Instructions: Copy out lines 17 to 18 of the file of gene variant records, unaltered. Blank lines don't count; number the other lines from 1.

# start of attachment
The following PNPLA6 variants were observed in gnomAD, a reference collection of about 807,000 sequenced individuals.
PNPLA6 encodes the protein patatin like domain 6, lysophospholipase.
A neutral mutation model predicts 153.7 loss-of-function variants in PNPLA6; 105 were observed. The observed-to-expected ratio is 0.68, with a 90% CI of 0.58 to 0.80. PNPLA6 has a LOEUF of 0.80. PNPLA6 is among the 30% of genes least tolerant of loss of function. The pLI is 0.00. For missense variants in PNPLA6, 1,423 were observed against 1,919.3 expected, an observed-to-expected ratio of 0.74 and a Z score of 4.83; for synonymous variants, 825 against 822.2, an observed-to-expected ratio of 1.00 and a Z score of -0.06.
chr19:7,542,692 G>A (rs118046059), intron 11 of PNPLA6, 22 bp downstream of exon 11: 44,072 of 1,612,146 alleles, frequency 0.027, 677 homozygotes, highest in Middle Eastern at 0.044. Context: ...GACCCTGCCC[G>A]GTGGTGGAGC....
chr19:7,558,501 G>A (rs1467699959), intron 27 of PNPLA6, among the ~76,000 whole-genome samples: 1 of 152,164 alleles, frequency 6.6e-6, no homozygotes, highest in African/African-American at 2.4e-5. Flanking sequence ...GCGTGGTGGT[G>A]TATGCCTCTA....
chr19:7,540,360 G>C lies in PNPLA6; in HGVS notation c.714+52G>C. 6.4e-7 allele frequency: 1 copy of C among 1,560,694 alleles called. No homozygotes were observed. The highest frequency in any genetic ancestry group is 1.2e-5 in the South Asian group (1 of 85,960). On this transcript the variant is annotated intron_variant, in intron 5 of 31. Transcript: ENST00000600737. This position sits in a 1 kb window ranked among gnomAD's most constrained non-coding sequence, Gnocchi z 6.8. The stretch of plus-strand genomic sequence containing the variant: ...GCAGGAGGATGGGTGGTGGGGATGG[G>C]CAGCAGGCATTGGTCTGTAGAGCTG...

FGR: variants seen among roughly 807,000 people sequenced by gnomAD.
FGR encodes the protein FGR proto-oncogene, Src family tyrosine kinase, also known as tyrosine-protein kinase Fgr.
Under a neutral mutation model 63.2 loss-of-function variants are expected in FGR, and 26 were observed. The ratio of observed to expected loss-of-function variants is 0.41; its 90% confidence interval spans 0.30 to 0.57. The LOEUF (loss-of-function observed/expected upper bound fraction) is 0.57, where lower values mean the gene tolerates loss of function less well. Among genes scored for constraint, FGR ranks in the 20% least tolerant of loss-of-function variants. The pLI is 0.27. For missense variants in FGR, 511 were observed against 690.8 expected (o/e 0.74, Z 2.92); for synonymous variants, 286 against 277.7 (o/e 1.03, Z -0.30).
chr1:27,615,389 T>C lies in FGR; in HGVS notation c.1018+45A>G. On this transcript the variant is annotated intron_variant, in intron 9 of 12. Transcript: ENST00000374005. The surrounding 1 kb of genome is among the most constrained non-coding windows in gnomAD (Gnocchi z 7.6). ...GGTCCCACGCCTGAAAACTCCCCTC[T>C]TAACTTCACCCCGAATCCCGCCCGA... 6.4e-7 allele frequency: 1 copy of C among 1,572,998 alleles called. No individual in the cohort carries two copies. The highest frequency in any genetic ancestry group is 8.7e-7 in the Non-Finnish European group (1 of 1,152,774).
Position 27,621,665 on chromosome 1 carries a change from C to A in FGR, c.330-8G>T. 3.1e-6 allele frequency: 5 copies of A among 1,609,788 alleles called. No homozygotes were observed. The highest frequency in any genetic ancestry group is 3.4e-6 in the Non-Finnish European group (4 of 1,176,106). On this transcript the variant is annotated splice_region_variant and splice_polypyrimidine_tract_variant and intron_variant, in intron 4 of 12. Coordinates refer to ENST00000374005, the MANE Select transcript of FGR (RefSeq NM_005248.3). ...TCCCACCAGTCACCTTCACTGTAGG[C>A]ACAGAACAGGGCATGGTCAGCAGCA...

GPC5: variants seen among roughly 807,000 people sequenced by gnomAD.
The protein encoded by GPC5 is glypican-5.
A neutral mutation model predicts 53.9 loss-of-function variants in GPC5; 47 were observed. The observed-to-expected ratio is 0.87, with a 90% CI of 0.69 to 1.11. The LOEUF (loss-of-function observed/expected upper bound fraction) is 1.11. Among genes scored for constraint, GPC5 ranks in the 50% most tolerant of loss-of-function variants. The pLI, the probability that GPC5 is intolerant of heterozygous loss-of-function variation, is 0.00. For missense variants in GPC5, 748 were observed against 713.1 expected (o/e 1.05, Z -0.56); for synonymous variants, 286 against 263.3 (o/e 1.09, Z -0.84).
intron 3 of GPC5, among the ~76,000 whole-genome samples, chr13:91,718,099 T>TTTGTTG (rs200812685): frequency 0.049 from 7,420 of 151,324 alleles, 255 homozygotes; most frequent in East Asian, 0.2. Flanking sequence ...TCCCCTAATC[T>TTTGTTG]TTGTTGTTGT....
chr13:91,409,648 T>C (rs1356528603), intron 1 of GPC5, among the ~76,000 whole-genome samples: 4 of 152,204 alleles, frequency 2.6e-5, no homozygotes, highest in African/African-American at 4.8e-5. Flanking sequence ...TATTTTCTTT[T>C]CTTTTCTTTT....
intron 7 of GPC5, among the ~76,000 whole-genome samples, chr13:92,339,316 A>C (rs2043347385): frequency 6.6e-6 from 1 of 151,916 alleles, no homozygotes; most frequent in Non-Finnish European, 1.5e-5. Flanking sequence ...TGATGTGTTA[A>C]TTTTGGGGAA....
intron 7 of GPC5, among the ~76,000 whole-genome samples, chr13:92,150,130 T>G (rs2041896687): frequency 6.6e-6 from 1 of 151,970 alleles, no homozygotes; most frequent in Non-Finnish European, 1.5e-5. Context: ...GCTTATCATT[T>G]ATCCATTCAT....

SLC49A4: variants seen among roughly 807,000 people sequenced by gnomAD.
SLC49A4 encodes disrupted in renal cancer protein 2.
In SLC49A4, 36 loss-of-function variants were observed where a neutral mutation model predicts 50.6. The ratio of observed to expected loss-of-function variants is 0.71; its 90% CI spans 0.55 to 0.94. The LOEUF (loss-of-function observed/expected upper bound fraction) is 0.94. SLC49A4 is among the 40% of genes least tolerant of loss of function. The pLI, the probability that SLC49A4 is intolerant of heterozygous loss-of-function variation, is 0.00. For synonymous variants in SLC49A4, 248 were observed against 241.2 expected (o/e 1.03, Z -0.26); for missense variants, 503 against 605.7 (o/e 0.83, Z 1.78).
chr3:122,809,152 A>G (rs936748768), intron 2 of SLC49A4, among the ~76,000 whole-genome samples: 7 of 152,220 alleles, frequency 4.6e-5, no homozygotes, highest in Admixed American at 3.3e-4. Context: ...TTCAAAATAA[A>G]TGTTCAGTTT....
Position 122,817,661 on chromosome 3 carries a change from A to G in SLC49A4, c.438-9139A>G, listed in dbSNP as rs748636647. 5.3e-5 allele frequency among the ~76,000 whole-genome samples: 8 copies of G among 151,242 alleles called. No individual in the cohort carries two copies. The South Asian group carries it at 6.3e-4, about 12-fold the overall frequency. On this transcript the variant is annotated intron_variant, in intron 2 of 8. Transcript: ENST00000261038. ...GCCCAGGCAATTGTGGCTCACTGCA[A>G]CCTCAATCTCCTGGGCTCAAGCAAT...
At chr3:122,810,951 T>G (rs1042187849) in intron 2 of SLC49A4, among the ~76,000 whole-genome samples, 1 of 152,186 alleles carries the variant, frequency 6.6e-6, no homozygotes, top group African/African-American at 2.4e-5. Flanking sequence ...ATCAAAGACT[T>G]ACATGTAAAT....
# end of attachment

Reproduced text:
intron 7 of GPC5, among the ~76,000 whole-genome samples, chr13:92,339,316 A>C (rs2043347385): frequency 6.6e-6 from 1 of 151,916 alleles, no homozygotes; most frequent in Non-Finnish European, 1.5e-5. Flanking sequence ...TGATGTGTTA[A>C]TTTTGGGGAA....
intron 7 of GPC5, among the ~76,000 whole-genome samples, chr13:92,150,130 T>G (rs2041896687): frequency 6.6e-6 from 1 of 151,970 alleles, no homozygotes; most frequent in Non-Finnish European, 1.5e-5. Context: ...GCTTATCATT[T>G]ATCCATTCAT....